9. Top Off Some Sinking funds

Do you have sinking funds? Having money put aside for the expected, occasional expenses can help a family smooth out its budget. Clothing, summer camp, dentists, car repairs, schooling fees- these are all expected events that are not easy to swing on a month-to-month basis. (Try paying for all those back-to-school supplies on your extra spending money- it doesn’t work!). Setting aside money in a separate account for these needs is a great way to make sure you have the money available to you when you need it.

10. Set Aside Money for Taxes

Now for the bad news. There may be a chance that you may have to pay this credit back. What? Since this credit is an advance on your 2021 taxes, if you owe more money to the IRS than you did in 2020 or 2019, you may end up with a lower child tax credit amount. In that case, the discrepancy will be added to your tax bill. If you are concerned that this may be you, and you did not opt-out of the payments, then make sure to set aside some money to pay your tax bill this year. Owing the IRS money is never a good idea!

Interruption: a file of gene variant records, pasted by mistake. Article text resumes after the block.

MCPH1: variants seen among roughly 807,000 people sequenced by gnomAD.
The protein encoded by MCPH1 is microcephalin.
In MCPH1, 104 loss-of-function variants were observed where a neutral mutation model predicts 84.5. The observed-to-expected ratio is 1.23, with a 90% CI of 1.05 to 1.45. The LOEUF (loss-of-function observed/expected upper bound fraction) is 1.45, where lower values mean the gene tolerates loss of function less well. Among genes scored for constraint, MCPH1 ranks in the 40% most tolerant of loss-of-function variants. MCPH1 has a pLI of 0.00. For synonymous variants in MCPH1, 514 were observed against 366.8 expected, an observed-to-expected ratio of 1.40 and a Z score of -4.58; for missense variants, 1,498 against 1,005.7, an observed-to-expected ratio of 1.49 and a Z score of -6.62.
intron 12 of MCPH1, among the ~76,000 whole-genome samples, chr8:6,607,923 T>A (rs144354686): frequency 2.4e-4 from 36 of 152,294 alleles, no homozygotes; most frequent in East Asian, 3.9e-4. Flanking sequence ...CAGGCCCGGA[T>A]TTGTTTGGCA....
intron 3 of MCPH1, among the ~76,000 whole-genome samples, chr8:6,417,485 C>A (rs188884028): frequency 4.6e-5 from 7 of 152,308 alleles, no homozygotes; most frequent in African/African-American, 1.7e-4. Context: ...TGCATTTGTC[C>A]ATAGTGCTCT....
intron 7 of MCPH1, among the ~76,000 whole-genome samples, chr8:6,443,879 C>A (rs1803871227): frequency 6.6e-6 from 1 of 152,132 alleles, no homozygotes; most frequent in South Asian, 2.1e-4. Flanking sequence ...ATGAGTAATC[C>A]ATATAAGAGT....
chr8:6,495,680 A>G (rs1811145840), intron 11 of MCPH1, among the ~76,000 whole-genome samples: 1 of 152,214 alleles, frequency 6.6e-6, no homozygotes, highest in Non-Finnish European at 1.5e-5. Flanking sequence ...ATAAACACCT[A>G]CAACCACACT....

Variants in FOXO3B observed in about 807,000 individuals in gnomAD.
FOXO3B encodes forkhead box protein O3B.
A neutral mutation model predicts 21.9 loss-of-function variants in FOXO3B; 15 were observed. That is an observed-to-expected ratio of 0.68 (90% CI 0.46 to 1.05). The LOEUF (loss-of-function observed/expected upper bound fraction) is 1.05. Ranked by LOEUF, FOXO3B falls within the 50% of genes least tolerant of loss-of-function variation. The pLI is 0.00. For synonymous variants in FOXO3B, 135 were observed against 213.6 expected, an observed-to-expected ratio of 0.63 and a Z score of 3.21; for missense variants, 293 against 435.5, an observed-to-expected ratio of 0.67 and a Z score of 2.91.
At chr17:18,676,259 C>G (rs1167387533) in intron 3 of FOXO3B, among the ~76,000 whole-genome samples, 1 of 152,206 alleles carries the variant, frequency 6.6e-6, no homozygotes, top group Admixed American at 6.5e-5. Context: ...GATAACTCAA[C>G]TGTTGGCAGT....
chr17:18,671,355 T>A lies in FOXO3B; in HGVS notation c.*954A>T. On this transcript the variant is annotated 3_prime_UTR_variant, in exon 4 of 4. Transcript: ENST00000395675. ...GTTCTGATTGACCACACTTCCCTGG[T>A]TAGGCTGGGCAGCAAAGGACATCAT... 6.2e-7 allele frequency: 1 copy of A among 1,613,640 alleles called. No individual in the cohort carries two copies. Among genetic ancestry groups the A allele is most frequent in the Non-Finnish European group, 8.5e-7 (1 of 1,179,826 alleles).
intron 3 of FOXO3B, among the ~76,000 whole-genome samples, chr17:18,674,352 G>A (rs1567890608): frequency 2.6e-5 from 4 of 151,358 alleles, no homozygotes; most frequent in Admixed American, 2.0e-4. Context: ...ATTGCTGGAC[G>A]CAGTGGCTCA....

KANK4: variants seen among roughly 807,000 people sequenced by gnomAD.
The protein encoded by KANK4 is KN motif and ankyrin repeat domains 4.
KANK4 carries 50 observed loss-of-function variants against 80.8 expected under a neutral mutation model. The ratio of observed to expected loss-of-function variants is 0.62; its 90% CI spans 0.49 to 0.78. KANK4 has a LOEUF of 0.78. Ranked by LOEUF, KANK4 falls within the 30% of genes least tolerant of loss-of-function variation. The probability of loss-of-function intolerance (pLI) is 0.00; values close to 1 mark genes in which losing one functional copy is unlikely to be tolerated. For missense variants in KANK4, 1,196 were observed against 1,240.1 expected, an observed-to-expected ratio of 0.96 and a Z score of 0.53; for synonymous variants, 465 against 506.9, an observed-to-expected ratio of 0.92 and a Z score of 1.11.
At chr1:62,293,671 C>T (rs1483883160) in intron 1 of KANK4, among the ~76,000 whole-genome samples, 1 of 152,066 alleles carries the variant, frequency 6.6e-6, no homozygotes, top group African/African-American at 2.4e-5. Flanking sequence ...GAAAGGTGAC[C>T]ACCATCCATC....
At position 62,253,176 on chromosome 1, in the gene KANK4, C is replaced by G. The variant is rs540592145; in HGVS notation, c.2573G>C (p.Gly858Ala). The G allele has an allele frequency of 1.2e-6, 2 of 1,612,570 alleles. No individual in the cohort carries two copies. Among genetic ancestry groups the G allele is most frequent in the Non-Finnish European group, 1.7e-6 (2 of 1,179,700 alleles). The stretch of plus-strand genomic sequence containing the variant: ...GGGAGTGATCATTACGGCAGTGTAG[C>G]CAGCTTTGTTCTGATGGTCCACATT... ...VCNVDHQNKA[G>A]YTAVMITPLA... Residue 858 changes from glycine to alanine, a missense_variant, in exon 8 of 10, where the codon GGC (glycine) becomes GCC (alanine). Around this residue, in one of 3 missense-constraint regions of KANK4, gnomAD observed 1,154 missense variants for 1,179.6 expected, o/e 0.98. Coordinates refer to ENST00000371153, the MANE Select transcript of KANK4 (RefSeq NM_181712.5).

Are you hoping to get the child tax credit? What are you planning on doing with it?

 

Hi! I am a millennial mom with a passion for personal finance. I have always been “into” personal finance but got inspired to start my blog after a period of extended unemployment. That experience really changed the way I viewed my relationship with money and the importance of accessible personal finance education.